"Balanced budget, wage and pensions increase, investments"

Finance Minister Sinisa Mali said on Wednesday that the draft budget for 2019 was balanced with a planned increase of public sector wages and pensions.

Source: Beta

This would improve the living standard of citizens, and more public investments, which would contribute to economic growth and a higher employment rate, Mali said, Beta agency reported.

Explaining the 2019 draft budget before the parliament, Mali said that a set of accompanying financial laws would ensure tax relaxations and boosting competitiveness and attractiveness of Serbia's economy.

Budget revenues are projected at RSD 1,246.2 billion and spending at RSD 1,269.1 billion, with a deficit planned at RSD 22.9 billion, or 0.4 percent of the expected Gross Domestic Product (GDP).

The draft budget has been projected based on the estimate that GDP will grow 3.5 percent next year, and 2.3 percent inflation.

"Fiscal consolidation shall ensure a further decrease of the public debt's share in GDP, from 56.6 percent to below 50 percent next year," Mali said.

He added that public sector wages will be increased by between seven and 12 percent as of Jan. 1, 2019, so that the total fund for salaries at all levels of government in 2019 will be up RSD 33 billion from the 2018 fund, while allocations for pensions from the budget and the Pension and Disability Insurance Fnd would be increased by RSD 35 billion.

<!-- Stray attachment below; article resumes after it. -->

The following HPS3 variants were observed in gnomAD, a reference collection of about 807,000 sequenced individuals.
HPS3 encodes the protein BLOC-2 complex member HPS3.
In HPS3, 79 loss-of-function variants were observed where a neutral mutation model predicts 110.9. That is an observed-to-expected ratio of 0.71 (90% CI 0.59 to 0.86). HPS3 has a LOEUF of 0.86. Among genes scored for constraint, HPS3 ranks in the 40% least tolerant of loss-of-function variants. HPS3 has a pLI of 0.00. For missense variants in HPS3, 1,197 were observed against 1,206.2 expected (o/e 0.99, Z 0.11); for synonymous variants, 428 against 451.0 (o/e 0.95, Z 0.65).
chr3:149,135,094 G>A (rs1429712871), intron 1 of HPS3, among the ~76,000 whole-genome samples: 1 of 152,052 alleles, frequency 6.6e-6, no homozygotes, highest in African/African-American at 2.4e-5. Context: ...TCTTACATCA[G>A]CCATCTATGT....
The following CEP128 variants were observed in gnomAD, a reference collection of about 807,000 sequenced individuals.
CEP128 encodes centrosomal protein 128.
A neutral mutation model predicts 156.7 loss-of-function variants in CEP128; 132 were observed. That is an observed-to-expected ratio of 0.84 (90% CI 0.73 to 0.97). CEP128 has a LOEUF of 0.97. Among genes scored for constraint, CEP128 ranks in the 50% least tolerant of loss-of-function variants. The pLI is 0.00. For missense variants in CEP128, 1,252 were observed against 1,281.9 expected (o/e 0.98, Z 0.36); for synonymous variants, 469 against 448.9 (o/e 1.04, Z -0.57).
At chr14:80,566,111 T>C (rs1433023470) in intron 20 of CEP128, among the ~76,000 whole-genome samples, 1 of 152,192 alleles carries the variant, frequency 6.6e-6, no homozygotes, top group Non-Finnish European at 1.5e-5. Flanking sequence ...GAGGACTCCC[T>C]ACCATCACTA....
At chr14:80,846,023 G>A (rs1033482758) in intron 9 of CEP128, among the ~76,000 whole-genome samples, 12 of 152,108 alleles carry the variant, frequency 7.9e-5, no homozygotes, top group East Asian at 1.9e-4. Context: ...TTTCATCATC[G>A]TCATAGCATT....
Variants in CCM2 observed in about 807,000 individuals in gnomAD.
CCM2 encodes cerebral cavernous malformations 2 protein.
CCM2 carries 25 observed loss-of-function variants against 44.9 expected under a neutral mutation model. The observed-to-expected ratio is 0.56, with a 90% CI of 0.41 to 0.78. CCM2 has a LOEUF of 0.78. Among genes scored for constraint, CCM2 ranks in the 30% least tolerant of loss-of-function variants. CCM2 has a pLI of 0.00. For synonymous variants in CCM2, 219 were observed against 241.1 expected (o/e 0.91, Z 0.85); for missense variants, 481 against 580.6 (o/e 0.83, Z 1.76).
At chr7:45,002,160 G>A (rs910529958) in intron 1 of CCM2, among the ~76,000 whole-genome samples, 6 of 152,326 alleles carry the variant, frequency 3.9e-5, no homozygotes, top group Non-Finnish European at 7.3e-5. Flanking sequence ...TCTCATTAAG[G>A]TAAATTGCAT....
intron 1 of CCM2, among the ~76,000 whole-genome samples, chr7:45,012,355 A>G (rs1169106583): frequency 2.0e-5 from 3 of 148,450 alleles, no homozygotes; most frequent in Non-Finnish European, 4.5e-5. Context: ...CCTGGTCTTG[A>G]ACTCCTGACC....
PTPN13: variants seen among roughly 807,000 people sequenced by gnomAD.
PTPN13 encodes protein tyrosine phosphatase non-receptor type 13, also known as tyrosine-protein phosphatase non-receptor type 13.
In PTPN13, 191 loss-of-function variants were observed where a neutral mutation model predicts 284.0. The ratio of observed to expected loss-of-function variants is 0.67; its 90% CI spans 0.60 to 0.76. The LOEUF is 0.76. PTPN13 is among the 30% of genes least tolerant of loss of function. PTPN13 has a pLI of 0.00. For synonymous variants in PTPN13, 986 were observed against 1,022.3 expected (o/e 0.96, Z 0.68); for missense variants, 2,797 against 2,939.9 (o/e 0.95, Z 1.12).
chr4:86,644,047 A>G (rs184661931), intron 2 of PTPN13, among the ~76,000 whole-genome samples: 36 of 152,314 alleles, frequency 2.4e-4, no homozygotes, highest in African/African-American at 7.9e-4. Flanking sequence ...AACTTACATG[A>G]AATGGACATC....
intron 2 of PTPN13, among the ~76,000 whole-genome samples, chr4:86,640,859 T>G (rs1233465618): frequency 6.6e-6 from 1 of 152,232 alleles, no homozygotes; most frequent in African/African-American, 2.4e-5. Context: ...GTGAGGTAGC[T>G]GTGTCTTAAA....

"In 2019, allocations for capital investments from the republican budget and local self-government budgets will total RSD220 billion, up 30 percent from 2018," Mali noted, adding that the fund would go for the construction of road and railway infrastructure as well as for investments in science and technology parks and health institutions.

Mali said that labor burden will be decreased from 63 to 62 percent, which would result in decreased budget revenues by RSD12 billion.

"A new law on labor burden will unify and decrease taxes and contributions, which will guarantee the predictability of these expenditures," Mali said.

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